Deal Or No Deal: Overcoming Barriers With Hotel Contracts

You’ve found the perfect hotel for your meeting.

It’s a great location. You were able to negotiate a good room rate. The concession package and your meeting space flows well too.

The Contract’s T&Cs Cause You To Pause

The hotel sends you a contract to secure the deal. As you review the 14-page document, you realize that while the business issues are acceptable, the hotel’s terms and conditions (T&Cs) are giving you reason to hesitate.

Some organizations have created their own standardized contract template to counter a hotel’s T&Cs. Some attach an addendum that is intended to override the hotel’s T&Cs.

Unfortunately, the hotel staff often has to send these requests to corporate and legal counsel for review. When the contractual process escalates on either side, the transactional costs increase — and the likelihood of getting the deal done decreases.

Commonly Contested T&Cs

Some of the most commonly contested T&Cs include:

  • Cancellation and attrition (profit versus revenue, mitigated versus liquidated damages)
  • Force Majeure (acts of God)
  • Indemnification
  • Multiple liabilities for performance (attrition and room rental)
  • Room rate protection (lower rates available through other channels, future rate formula, availability of rate after the cut-off date)
  • Master account payment and deposits

While all of these areas could have little to no impact on the spend of the group or the hotel’s revenue, each carries a potential risk that must be evaluated and managed by both parties.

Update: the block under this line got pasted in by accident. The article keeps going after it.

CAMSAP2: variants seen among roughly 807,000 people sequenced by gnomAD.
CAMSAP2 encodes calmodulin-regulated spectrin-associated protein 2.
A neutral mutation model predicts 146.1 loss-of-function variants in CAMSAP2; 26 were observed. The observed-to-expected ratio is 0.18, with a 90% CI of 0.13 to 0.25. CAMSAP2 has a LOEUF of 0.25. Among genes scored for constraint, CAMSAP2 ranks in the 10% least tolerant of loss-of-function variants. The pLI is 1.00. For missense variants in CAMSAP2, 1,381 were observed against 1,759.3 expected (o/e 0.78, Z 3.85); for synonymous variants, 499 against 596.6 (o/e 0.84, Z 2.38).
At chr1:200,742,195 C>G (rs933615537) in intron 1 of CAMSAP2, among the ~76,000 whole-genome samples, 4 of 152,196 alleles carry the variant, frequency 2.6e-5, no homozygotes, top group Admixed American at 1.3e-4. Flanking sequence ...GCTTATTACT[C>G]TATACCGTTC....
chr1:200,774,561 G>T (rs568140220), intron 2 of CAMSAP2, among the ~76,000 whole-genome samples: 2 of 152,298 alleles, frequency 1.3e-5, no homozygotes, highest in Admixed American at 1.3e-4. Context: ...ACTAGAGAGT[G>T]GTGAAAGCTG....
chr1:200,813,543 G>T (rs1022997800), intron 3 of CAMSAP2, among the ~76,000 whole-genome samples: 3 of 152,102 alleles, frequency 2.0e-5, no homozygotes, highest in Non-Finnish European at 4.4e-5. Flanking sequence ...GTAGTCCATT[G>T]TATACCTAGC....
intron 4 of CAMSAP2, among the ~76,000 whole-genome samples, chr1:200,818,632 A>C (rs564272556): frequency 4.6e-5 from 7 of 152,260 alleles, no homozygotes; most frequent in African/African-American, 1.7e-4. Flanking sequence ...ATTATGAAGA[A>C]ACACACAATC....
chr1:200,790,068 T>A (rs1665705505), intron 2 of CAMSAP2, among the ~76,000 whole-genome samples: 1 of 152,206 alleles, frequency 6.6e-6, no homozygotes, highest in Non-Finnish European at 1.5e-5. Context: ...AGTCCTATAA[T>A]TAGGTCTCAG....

Hotels and groups are both gravitating towards their favorite clauses for each of the areas mentioned. All too often they find themselves in a stalemate because of their preference for their own verbiage or legalese. High-performing organizations will educate their “deal makers” on the components of these T&Cs instead of advising that they take a take-it-or-leave-it stance.

Negotiating From A Position Of Business Intent Instead Of Legalese

If you find yourself at a stalemate, try a negotiating position that is not focused on legalese but rather on business intent.

Example 1: You want a Force Majeure clause that:

  1. Is reciprocal.
    It works for the hotel and the group.
  2. Is not limited.
    It applies for unforeseen circumstances out of the control of both parties whether they are listed by example or not.
  3. Provides protection.
    It provide protection in case of partial performance, as well as full cancellation.

Example 2: You want an attrition clause that:

  1. Encourages the group to make adjustments in advance.
  2. Is able to be calculated by both parties.
  3. Does not make the group liable for more than 80 percent or 85 percent of the total block.
  4. Compensates the hotel only for their lost profit.
    It credits resold rooms, including rooms not coded to the group that are part of the group.
  5. Is not coupled with other liabilities associated with guest room pick-up.
  6. Is not payable any sooner than the master account terms.

Tell the hotel that you will agree to a clause that properly protects your organization and that adequately addresses these issues. This approach will result in fewer stalled deals because of legal jargon. It also helps close the gap on business intent versus verbiage.

What are some other ways to negotiate from a position of business intent instead of legal jargon? How do you normally handle contested T&Cs?

Adapted from Dave’s People & Processes column in PCMA’s Convene. Reprinted with permission of Convene, the magazine of the Professional Convention Management Association. ©2012.

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